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Cluster of cottages proves just right for couple’s vacation home

Design New England Cape Cod
Merrifield cottage (right) has been on the site since about 1880. The newly built main cottage (left) includes a screened porch. Both it and the one-room guest cottage (center) were designed  to look as if they, too, had been there for more than a century.
Merrifield cottage (right) has been on the site since about 1880. The newly built main cottage (left) includes a screened porch. Both it and the one-room guest cottage (center) were designed to look as if they, too, had been there for more than a century. Eric Roth

“We used to walk along the beach and say if that place ever became available, it would be a dream house,” says Steve Corkin, who has spent most of his career as a global real estate adviser to large institutional investors. Serendipitously, the circa 1880 Dutch Colonial-ish shingled sweetheart of a house did come on the market, and Corkin and his partner, Dan Maddalena, who once made horror films with Wes Craven, went for it.

Then they reimagined it into three dream cottages.

From its vantage high on a bluff in Truro, the home has magnificent views of Cape Cod Bay that don’t disappoint. The sightlines stretch from the tip of the Cape’s final curlicue at Provincetown across the water and all the way up the state’s South Shore. But at just 1,280 square feet with four tiny bedrooms upstairs and a couple of cut-up rooms on the first floor, Merrifield Cottage did not suit the couple’s penchant for inviting overnight guests and throwing large parties.

They could have built a big house on the 1-acre parcel, but, says Corkin, they didn’t want “a humongous McMansion. We wanted to be super-respectful of our neighbors and of the history” of the area, which is known for its small cottages on dunes.

The screened porch is furnished in wicker and a bright canvas that says summer. In cooler months, screens are replaced with glass, turning the space into a three-season room. —Eric Roth

They called architect Paul Krueger of Krueger Associates in Truro and Watertown, Massachusetts, who is known for building cozy compounds that distribute massing over several smaller structures. It was a perfect client-architect fit. “I wanted to make it comfortable but not lavish,” Krueger says. “Those McMansions with double-height breakfast rooms really bother me. It doesn’t feel like a house anymore. It feels like a hotel.”

The result of their collaboration is a combination of splendid and sublime, with nothing that overwhelms but the heady view, which Krueger ensured could be seen from every room. He accomplished that by creating a courtyard flanked on three sides by buildings — the original cottage and two new ones — with the fourth side open to the sea. That configuration means that the first thing a visitor sees upon entering the newly built main house from the parking area is the bay view.

Painted all in white because “we really wanted the view to steal the show,” says Corkin, the open living/dining/kitchen space is made more open still with a high, vaulted ceiling and windows set near the roof ridge.  Opposite the 5-by-12-foot kitchen island, carefully chosen furniture and art take their places among bespoke pieces such as the 10-foot dining table topped by wood from an old church in Salem, Massachusetts, made by their  friend Jason Rodricks of North of Boston Studios in Beverly, Massachusetts, and the custom sofa designed with the help of another friend, Kevin McLaughlin of McLaughlin Upholstering in Everett, Massachusetts.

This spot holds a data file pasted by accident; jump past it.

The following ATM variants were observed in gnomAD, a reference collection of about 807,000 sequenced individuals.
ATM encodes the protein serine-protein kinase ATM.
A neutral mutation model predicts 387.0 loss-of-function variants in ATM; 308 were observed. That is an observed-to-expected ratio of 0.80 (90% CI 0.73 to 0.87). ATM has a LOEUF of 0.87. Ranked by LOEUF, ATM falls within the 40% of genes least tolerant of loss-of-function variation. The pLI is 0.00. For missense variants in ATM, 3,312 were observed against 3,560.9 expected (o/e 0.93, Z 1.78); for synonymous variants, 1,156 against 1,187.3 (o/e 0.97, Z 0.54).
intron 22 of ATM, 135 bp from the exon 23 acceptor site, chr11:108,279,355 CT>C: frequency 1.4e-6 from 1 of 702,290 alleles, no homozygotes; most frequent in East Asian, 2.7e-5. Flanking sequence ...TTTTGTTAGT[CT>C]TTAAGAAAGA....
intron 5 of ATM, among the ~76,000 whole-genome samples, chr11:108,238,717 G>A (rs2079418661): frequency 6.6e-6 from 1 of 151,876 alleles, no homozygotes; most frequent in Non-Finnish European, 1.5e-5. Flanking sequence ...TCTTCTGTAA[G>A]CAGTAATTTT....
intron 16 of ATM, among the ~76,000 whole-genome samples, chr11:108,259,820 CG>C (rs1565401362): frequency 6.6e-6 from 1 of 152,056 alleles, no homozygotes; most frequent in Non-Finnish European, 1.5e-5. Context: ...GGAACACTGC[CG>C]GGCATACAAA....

From the one-room guest cottage, friends and family wake to a view of the sea. —Eric Roth

Past a narrow hallway, a space the couple call “the link,” is the master bedroom. It’s smaller than they originally envisioned — “Paul hates huge rooms,” says Corkin —  but,  he adds, it is “so right-sized.”

Maddalena agrees. “It’s intimate, it’s comfortable, and it’s perfect.” Downstairs is a screening room — the eldest of Corkin’s three grown sons is a film producer — where board-and-batten walls painted a soothing green provide a homey backdrop to two 8-foot-long sofas. A kitchenette, half-bath, and framed movie posters complete the scene.

For guests, Krueger designed a one-room cottage. Its white tongue-and-groove walls and ceiling reflect the aesthetic of the main house. With its own private bath, commodious armchairs, and artwork such as a driftwood piece by Cape artist Paul Bowen, it is a perfect place to enjoy a little privacy in between gatherings at the bigger house.

The original cottage, uninsulated and strictly for summer, will no doubt someday be the favorite haunt of grandchildren to come. Upstairs, the four cramped bedrooms have become two. Downstairs, a red refrigerator with a curved top, orange wooden kitchen chairs of all shapes and sizes, and a floor painted pool blue complete the felicitous counterpart to the white-on-white palette in the other cottages. Its old kitchen, now open to the courtyard, has been converted into a party pavilion, where a bartender can set up shop for outdoor gatherings.

Krueger, who is also a landscape architect, judiciously placed a tree to block the view of (and from) neighbors and turned a small field of weeds into a meadow of native grasses that gets mowed only twice a year. He also replaced an 80-step wooden stairway that dropped straight to the beach with one that has switchbacks and built-in benches to ease the descent.

The couple credit Krueger for executing their vision so beautifully, while Krueger credits builder Eric Winslow of Wellfleet, Massachusetts, who over the course of 30 years had constructed 17 other houses for him.

“It’s great, isn’t it?” Corkin rhetorically asks a visitor who is wowed by the expansive view from the great room.

It sure is.

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